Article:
A new species of orangutan has been announced in Indonesia! This is the first new Great Ape to be found in a century, making it a historic development in our understanding of humankind’s closest relatives. A peer reviewed paper published on November 2, 2017, in the journal Current Biology has revealed the discovery of the new species, Pongo tapanuliensis, whose common name will be the Tapanuli orangutan.
This discovery underscores how much we still have to learn about Indonesia’s extraordinary and disappearing biodiversity. Also, they’re heartbreakingly adorable.
The Tapanuli orangutan is found in the Batang Toru Ecosystem, in the province of North Sumatra. Recent genetic analysis reveals that the new species is actually more closely related to the Borneo orangutan than it is to its much nearer neighbor to the north, the Sumatran orangutan. It is considered to be the ‘ancestral line’ from which the other two species evolved. Tapirs, Sun Bears, Sumatran Serow, Golden Cats and the critically endangered Sumatran tigers are also found in the forests of Batang Toru.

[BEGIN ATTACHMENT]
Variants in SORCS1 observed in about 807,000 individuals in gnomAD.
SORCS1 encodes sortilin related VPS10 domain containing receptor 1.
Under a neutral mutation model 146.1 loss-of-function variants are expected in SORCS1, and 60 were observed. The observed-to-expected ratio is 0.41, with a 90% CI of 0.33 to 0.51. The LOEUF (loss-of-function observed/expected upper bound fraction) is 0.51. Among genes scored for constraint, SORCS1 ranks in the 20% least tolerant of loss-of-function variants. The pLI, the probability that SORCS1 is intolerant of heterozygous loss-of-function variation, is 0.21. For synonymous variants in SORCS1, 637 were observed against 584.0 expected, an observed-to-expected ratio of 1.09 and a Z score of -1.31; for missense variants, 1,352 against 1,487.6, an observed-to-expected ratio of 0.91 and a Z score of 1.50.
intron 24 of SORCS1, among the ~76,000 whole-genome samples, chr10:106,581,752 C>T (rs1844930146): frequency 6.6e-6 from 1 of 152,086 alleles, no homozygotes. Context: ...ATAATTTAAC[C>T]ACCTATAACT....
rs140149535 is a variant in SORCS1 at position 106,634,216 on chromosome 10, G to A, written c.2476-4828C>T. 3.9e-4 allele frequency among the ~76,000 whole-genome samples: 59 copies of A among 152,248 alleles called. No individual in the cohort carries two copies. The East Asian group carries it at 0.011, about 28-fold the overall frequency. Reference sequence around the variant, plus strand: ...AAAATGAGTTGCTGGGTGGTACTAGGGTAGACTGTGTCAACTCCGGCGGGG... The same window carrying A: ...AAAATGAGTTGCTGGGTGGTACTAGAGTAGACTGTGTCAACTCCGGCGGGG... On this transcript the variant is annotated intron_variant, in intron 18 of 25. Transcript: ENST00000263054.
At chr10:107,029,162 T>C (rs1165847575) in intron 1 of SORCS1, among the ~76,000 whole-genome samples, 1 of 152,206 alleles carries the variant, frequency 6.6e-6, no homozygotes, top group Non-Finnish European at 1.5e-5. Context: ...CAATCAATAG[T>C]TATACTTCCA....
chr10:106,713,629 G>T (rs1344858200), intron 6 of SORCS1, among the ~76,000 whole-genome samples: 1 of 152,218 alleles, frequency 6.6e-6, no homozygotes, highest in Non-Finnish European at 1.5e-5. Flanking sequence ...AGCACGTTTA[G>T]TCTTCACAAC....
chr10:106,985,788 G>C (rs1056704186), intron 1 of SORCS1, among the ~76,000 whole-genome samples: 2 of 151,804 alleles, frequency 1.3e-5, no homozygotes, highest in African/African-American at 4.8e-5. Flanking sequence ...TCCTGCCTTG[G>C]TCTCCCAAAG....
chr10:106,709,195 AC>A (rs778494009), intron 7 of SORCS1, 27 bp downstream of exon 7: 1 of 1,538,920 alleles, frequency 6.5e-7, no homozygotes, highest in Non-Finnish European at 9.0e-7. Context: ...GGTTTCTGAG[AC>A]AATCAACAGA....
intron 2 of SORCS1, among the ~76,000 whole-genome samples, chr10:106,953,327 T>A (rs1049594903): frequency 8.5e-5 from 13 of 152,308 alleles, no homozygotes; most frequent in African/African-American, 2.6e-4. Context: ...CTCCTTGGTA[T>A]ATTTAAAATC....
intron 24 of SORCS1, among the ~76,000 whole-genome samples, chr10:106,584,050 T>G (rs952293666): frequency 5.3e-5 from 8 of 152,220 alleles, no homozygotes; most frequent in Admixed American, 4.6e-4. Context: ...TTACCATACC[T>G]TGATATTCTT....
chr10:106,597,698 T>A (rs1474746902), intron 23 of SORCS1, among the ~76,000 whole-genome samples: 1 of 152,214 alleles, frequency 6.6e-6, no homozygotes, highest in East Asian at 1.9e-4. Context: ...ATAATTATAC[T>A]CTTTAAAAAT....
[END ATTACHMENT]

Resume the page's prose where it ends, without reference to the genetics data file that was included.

The Sumatran Orangutan Conservation Programme has worked tirelessly over the last 12 years on protection of the Batang Toru Ecosystem with local stakeholders, succeeding in allocating nearly a quarter million acres as protected forest in 2014.
Sadly, the tiny population of the new species – only 800 individuals are believed to exist – immediately makes the Tapanuli orangutan the most critically endangered Great Ape on earth. Worse, while protections have been achieved for nearly 85% of this red apes habitat, two potentially devastating industrial projects, a hydro dam and a gold mine expansion, are proposed in a sensitive area of connectivity inside the unprotected part of the forest.